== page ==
Thanks to the acquisition of valuable land from two families, a state park in northwest Iowa that includes part of the scenic Loess Hills is expanding this month. Stone State Park in Sioux City is growing by about 160 acres.
Brian Fankhauser, a land stewardship specialist at the Iowa Natural Heritage Foundation, says the additions will further enhance an already-beautiful area. Fankhauser says the Thurow property has a lot of prairie remnants and will expand the park’s prairie diversity, while the Sloan property is more woodland and is the last large tract of undeveloped land to the south that could be added to the park. He calls it “a significant piece for the park.”
Fankhauser says the Iowa D.N.R. owns and manages the park and it’ll be up to that agency to determine exactly how best to utilize the new areas. He says they’re hoping to run several undeveloped walking trails through the new properties so the public can get out and enjoy the natural areas — for hiking and viewing wildlife. The park is nationally recognized as an Urban Wildlife Sanctuary and is home to wild turkeys, white-tailed deer, coyotes and red foxes.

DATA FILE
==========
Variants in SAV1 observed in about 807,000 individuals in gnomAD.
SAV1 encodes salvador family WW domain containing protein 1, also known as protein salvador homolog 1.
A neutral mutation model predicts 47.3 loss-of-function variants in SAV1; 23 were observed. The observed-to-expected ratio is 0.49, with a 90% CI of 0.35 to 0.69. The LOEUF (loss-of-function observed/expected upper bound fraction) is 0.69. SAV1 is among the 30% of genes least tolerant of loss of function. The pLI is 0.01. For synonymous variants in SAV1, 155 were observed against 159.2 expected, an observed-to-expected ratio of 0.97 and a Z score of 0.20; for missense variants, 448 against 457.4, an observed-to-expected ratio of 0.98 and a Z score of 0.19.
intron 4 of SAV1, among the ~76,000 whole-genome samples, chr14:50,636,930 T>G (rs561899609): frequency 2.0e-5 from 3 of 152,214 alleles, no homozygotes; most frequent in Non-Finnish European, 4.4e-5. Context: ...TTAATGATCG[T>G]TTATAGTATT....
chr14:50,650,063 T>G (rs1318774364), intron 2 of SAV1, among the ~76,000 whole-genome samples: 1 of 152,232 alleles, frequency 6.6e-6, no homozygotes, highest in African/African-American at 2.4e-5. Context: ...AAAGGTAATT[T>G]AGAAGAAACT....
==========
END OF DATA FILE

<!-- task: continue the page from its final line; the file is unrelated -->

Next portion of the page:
Fankhauser says the park is also known for its panoramic views and bur oak trees in addition to several rare butterfly species and blooming yucca plants which dot the landscape. He says: “It’s all related to the Loess Hills landform, which because of its geology and its really dry soils and its steep aspects, you get species that you normally don’t find except for several hundred miles to the west. That’s why it’s pretty important to protect these areas and expand on the park.”
With the additions, the park will include just over 1,100 acres of land. The Iowa Natural Heritage Foundation, a non-profit conservation group, acquired 98-acres from Norman and Carolyn Sloan and 62-acres from Alfred Thurow, all of Sioux City. The land is being transferred from the foundation to the D-N-R late this month.